#define outMin 0 //Low limit for P.I.D output #define outMax 255 //High limit for P.I.D output #define Hall_Input_Pin A1 //Arduino Pin A1 - Read analog value from Hall Module. #define Coil_Output_Pin 5 //Arduino Pin D5 - Control magnetic coil. #define DEBUG 1 //Turn ON/OFF debugging //PID parameteres int Hall_Input = 0; int Coil_Output = 0; double Setpoint = 330.0; double Input = 0.0; double Previous_Input = 0.0; double Output = 0.0; double Integral = 0.0; double Derivative = 0.0; double Error = 0.0; double dInput = 0.0; double timeChange = 0.1; double KP = 0.6; double KI = 0.4; double KD = 0.01; unsigned long millisecond = 0; void setup () & # 123; Serial.begin (115200); pinMode (Coil_Output_Pin, OUTPUT); } void loop () & # 123; //Read Input - Hall Sensor Hall_Input = analogRead (Hall_Input_Pin); Input = Hall_Input; //Calculate the Error Error = Setpoint - Input; dInput = (Input - Previous_Input); //PID Algorithm Integral + = Error * timeChange; Derivative = dInput/timeChange; Output + = - KP * Error - KI * Integral + KD * Derivative; //Write to Ouput if (Output & gt; outMax) Output = outMax; if (Output & lt; outMin) Output = outMin; Coil_Output = Output; analogWrite (Coil_Output_Pin, Coil_Output); //Remember the previous Input Previous_Input = Input; //Show debugging values if (DEBUG) & # 123; if ((millis () - millisecond) & gt; 500) & # 123; //Show the Setpoint Serial.print (Setpoint); Serial.print (& # 34;/& # 34;); //Show the Input Serial.print (Input); Serial.print (& # 34;/& # 34;); //Show the Error Serial.print (Error); Serial.print (& # 34;/& # 34;); //Show the Output; Serial.print (Output); Serial.println (& # 34 ;; & # 34;); millisecond = millis (); }}}
Step Seven: Calibration
The PID process is divided into two groups: direct and reverse acting. Magnetic Levitation is a reverse acting PID controller. This means that its output tends to decrease as the measured signal (input) increases.
In the PID formula, instead of adding (Kd * derivative of error), we subtract (Kd * derivative of the input data) because the levitation setting (in this case) is constant (330).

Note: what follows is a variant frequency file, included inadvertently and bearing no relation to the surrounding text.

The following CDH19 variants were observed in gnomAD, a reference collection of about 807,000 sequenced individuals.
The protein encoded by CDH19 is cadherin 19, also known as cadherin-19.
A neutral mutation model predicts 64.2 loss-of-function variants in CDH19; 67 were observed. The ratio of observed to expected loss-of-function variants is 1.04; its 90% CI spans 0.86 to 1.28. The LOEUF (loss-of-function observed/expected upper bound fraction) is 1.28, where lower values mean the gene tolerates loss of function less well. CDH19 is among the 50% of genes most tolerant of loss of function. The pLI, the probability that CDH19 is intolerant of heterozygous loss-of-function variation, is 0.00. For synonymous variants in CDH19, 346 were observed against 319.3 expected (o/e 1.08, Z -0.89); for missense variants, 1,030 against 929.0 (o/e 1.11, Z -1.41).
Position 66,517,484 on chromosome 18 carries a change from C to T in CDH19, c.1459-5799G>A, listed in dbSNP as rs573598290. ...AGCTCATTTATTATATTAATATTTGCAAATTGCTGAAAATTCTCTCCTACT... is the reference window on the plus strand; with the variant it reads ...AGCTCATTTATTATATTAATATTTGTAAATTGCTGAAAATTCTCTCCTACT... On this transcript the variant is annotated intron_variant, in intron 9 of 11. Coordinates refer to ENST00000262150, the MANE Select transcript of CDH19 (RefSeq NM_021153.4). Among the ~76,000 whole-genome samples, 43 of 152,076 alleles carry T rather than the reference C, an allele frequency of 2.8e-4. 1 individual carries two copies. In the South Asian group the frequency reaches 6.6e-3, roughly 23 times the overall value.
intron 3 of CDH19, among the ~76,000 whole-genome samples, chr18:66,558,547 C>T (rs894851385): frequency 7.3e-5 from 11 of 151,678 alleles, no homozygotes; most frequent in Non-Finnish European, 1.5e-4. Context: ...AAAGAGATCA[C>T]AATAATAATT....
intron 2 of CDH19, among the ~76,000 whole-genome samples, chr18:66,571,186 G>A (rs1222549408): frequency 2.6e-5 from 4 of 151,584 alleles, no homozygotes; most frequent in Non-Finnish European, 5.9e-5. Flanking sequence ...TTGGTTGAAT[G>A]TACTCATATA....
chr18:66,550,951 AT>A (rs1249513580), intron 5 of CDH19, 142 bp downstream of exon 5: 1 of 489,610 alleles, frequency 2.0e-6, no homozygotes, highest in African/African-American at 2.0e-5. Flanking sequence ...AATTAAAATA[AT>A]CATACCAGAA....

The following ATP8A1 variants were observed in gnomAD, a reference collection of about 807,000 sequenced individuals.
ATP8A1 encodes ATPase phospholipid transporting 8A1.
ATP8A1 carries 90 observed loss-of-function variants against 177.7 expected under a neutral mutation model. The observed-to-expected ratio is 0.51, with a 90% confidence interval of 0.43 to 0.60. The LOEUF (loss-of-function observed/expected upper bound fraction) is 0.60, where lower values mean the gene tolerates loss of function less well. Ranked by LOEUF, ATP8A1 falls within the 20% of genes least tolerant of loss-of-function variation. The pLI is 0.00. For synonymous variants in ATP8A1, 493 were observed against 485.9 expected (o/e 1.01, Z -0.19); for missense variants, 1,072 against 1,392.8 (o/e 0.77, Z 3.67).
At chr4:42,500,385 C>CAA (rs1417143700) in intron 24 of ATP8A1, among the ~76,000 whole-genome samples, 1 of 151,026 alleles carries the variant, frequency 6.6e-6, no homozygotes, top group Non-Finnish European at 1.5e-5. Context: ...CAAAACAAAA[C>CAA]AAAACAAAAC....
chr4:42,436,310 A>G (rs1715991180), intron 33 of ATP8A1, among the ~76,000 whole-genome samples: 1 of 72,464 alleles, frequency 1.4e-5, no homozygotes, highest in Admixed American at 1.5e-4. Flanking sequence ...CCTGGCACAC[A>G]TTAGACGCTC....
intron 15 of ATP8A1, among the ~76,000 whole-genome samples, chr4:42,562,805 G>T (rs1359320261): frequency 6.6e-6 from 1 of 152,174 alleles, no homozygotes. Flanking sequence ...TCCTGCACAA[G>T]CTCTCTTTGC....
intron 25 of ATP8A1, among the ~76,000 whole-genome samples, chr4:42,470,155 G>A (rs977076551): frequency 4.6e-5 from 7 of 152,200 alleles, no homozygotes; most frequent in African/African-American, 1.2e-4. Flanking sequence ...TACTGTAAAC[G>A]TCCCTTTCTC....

Output + = - KP * Error - KI * Integral + KD * Derivative;
The derivative part is calculated as follows:
dInput = (Input - Previous_Input) ; Derivative = dInput/timeChange;
The wizard has manually calibrated the levitator and the final PID parameters are as follows:
double timeChange = 0.1; double KP = 0.6; double KI = 0.4; double KD = 0.01;
To fine tune and see how the levitator works, you need to enable debug mode and read data from the IDE serial port.
The diagram below shows the operation of the reverse acting PID. The wizard used the Pivot function in Excel to generate a graph from the IDE's serial data.
Diagram abstract :
Red line – Setpoint (in this case 330).
Green curve – Input (feedback from the Hall sensor).
Blue curve – Output (PWM signal to the magnetic coil).
For correct operation of the device, the following settings must be made and the following conditions must be observed:
It is necessary to adjust the potentiometer on the KY-24 module for sensitivity.
It is necessary to adjust the length of the pin, which is located inside the magnetic coil.
Calibration of the setpoint and PID coefficients.
Selecting the correct floating loads plus the weight of the magnet. If it is too light or too heavy, the levitator will not work. Finally, the cargo must be symmetrical.
As the master used a ball with an LED inside to liven up the object.
He also tested other loads such as bolts. If the bolt is heavier than the LED ball, you need to decrease the setting from 330 to 320.